How to optimise persistent disk creates


#1

Hello experts.
Can you suggest a way to optimize the number of operations per seconds, and to be specific the disk created per second with synchronic persistent?

I’m trying to optimize the operations per second on our couchbase server (2.2).
When I use asynchronic set command I see the disk creates get into 4000 or 5000 disk creates per second. In this method the disk write queue is increasing all the time.
So I conclude from here that the disk IO of couchbase machine can get to this number of disk creates per second.
When I change the code to synchronic with persistent the disk creations rate drop under 100 per second.
I’ve tried to change the connection pool and number of thread settings but couldn’t find anything that could maintain more than 100 creations per second.

I’ve used both ruby sdk and .net sdk.
Couchbase server 2.2
AWS machine r3.large (2 vCPU, 15.25 GM RAM) + 100GB EBS 1000 IOPS (OS = Ubuntu 14.04)

Thank you for your kind help.


#2

Are you trying to do a bulk load as fast as possible? If so, then generally what you want to do is actually keep that system as full as possible within the maximum memory. You’ll find a couple of bulk loading examples in the documentation. The basic idea is to keep loading until TMPFAIL, then do an exponential backoff/retry.

The reason you likely saw lower throughput when trying to match the throughput observed under load has to do with the way the data is stored on disk. It’s partitioned up a bit, and by having more data for each partition, the system can optimize the IO a bit more.


#3

Thanks for the answer @ingenthr .
I don’t try to do a bulk load. I’m trying to do the basic case of writing each web request into couchbase. So in this case each write is on its own.
I would like the write to be persistent in order to know that the data won’t be lost in case of server failure.
It seems that in this basic case I’m limited to less than 100 request per second. I hope that there is some way to solve this, otherwise we won’t be able to have a high scale solution.


#4

Which SDK and code are you using?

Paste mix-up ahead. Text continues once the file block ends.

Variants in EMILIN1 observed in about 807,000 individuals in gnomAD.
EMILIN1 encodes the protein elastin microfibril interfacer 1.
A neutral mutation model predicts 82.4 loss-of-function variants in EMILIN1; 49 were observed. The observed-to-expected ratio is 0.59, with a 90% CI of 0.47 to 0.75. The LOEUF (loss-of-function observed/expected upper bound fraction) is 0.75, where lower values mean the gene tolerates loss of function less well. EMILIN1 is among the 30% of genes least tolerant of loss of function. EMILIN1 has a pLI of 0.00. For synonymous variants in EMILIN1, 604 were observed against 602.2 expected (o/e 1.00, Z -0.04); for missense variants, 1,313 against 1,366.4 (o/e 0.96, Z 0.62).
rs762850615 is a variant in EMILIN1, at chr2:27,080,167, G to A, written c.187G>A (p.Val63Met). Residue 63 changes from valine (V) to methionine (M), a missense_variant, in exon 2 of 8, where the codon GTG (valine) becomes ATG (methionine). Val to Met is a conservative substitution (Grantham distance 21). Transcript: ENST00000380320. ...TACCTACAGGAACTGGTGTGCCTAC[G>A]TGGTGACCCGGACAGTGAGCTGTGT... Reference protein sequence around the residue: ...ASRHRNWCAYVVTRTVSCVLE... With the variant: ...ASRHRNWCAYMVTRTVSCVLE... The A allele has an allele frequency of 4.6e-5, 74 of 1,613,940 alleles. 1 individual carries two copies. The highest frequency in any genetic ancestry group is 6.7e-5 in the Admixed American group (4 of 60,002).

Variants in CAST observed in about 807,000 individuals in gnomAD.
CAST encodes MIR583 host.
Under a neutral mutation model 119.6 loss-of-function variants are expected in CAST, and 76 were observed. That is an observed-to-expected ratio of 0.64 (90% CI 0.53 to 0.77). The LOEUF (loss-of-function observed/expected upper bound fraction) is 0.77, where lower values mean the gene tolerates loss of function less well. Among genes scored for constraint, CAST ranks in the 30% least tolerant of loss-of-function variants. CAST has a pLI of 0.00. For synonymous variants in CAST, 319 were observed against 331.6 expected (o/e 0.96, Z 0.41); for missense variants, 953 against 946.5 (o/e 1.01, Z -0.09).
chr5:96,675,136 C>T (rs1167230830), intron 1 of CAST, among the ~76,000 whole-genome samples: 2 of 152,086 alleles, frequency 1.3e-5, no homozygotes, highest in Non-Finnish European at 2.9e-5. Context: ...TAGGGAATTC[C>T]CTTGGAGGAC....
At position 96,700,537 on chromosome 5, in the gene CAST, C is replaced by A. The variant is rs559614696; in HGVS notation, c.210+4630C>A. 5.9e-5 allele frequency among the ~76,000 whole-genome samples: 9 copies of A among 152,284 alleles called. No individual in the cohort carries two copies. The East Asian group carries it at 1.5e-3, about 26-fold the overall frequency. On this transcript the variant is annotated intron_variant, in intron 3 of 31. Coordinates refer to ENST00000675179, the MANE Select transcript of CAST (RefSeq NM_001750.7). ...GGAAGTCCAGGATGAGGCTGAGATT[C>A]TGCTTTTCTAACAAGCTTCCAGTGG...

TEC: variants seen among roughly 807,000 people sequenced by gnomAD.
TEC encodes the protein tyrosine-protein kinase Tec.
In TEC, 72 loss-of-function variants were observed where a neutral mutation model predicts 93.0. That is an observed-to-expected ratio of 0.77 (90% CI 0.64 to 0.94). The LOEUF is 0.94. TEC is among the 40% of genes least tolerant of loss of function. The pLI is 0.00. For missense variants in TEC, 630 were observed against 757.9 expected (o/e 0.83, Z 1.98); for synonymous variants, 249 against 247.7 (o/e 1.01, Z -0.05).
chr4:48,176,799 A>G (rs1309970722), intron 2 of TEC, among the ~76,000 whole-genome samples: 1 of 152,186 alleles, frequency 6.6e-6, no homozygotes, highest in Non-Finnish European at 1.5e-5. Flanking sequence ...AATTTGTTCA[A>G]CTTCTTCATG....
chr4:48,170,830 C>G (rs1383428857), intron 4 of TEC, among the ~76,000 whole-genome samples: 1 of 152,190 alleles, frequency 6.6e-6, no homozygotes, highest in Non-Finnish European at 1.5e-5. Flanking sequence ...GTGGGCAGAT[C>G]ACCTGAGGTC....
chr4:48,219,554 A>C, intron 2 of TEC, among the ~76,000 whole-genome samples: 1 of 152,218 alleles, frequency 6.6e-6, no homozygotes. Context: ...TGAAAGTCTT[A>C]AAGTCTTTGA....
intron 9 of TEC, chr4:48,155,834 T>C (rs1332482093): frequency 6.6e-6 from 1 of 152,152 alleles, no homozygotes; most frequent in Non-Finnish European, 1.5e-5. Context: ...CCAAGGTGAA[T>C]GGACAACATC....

#5

@daschl

ruby sdk 1.3.
Couchbase server 2.2.
Here is an example code to simulate the problem:

doc= {
"aaaaaa"=>"aaaaa",
"bbbbbb"=>"bbbb",
"ccccccc"=>"ccccc",
"ddddddd"=>"dddddd",
"eeeeee"=>"eeeeee",
"fffffff"=>"ffffffff",
"ggggggg"=>"ggggggg",
"hhhhhhhh"=>"hhhhhh"
}

example_bucket = Couchbase.connect(:bucket => "example",:hostname=>"#{hostname}")
for i in 0..100000 do
   key = Digest::SHA1.hexdigest i.to_s
   example_bucket.set(key,doc,:observe=>{:persisted=>1},:quiet=>false)
end

#6

Guys, any thoughts about this issue?


#7

In my opinion using persistence restrictions for every operation does not seem the correct way to work with Couchbase. It is implemented on client side by polling key state on the server. So in conjunction with synchronous way, it slows down the client, not the server. I recommend you to adopt your application having this in mind.


#8

Thanks @avsej.
How would you suggest to write the client to ensure that the documents were persisted while maintaining >1000 IOPS performance?
Is there a way to write every (let’s say) 100 messages in a bulk and than check that all 100 were persisted?


#9

Actually you might write your own check, for example the code below sets 100 keys and polls their state in a bulk. While setting I haven’t used multi-set to imitate single request operations as you mentioned

require 'couchbase'

bucket = Couchbase.connect

keys = []
100.times do |t|
  key = "foo-#{t}"
  keys.push(key)
  bucket.set(key, val: t)
end

loop do
  sleep(0.1)
  stats = Hash.new(0)
  bucket.observe(keys).each do |_key, nodes|
    nodes.all? { |node| stats[node.status] += 1 }
  end
  puts stats.inspect
  break if stats[:found].zero?
end
# >> {:persisted=>20, :found=>80}
# >> {:persisted=>40, :found=>60}
# >> {:persisted=>60, :found=>40}
# >> {:persisted=>77, :found=>23}
# >> {:persisted=>97, :found=>3}
# >> {:persisted=>100}

There is also API function with does almost the same:

require 'couchbase'

bucket = Couchbase.connect

keys = []
100.times do |t|
  key = "foo-#{t}"
  keys.push(key)
  bucket.set(key, val: t)
end

bucket.observe_and_wait(keys, persisted: 1)

#10

Thanks @avsej.
It seems that your second example can work for us.
Do you know if there is a similar way in .net sdk?

Thanks,
Gil


#11

pinging @jmorris, because he probably knows!